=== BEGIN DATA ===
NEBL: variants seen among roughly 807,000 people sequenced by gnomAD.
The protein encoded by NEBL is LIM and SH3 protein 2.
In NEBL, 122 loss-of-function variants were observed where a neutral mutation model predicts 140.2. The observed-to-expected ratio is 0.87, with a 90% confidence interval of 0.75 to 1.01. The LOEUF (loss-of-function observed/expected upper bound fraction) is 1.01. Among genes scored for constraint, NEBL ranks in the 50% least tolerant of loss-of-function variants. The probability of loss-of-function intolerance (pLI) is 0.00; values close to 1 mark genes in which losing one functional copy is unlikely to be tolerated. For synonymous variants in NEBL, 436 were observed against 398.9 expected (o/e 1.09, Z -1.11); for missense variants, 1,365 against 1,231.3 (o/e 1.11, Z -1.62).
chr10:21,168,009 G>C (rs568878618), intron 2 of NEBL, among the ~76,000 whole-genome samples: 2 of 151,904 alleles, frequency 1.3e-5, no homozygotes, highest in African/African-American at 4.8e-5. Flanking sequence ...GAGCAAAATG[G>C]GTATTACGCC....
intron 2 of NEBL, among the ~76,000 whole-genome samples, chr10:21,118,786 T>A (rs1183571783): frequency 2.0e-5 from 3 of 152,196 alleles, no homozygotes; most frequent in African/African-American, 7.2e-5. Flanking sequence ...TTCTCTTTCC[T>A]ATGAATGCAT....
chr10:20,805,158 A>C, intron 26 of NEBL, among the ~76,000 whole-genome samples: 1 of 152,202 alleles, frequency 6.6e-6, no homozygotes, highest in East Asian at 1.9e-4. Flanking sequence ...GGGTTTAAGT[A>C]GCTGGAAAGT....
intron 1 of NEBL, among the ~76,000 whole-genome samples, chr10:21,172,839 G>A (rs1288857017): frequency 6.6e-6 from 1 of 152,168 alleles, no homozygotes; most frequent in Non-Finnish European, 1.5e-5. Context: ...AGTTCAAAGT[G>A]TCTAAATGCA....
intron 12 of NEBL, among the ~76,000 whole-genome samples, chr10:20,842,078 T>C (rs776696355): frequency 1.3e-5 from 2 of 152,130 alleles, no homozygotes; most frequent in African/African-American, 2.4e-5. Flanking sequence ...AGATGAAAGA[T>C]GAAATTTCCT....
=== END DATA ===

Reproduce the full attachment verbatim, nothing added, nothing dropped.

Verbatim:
NEBL: variants seen among roughly 807,000 people sequenced by gnomAD.
The protein encoded by NEBL is LIM and SH3 protein 2.
In NEBL, 122 loss-of-function variants were observed where a neutral mutation model predicts 140.2. The observed-to-expected ratio is 0.87, with a 90% confidence interval of 0.75 to 1.01. The LOEUF (loss-of-function observed/expected upper bound fraction) is 1.01. Among genes scored for constraint, NEBL ranks in the 50% least tolerant of loss-of-function variants. The probability of loss-of-function intolerance (pLI) is 0.00; values close to 1 mark genes in which losing one functional copy is unlikely to be tolerated. For synonymous variants in NEBL, 436 were observed against 398.9 expected (o/e 1.09, Z -1.11); for missense variants, 1,365 against 1,231.3 (o/e 1.11, Z -1.62).
chr10:21,168,009 G>C (rs568878618), intron 2 of NEBL, among the ~76,000 whole-genome samples: 2 of 151,904 alleles, frequency 1.3e-5, no homozygotes, highest in African/African-American at 4.8e-5. Flanking sequence ...GAGCAAAATG[G>C]GTATTACGCC....
intron 2 of NEBL, among the ~76,000 whole-genome samples, chr10:21,118,786 T>A (rs1183571783): frequency 2.0e-5 from 3 of 152,196 alleles, no homozygotes; most frequent in African/African-American, 7.2e-5. Flanking sequence ...TTCTCTTTCC[T>A]ATGAATGCAT....
chr10:20,805,158 A>C, intron 26 of NEBL, among the ~76,000 whole-genome samples: 1 of 152,202 alleles, frequency 6.6e-6, no homozygotes, highest in East Asian at 1.9e-4. Flanking sequence ...GGGTTTAAGT[A>C]GCTGGAAAGT....
intron 1 of NEBL, among the ~76,000 whole-genome samples, chr10:21,172,839 G>A (rs1288857017): frequency 6.6e-6 from 1 of 152,168 alleles, no homozygotes; most frequent in Non-Finnish European, 1.5e-5. Context: ...AGTTCAAAGT[G>A]TCTAAATGCA....
intron 12 of NEBL, among the ~76,000 whole-genome samples, chr10:20,842,078 T>C (rs776696355): frequency 1.3e-5 from 2 of 152,130 alleles, no homozygotes; most frequent in African/African-American, 2.4e-5. Flanking sequence ...AGATGAAAGA[T>C]GAAATTTCCT....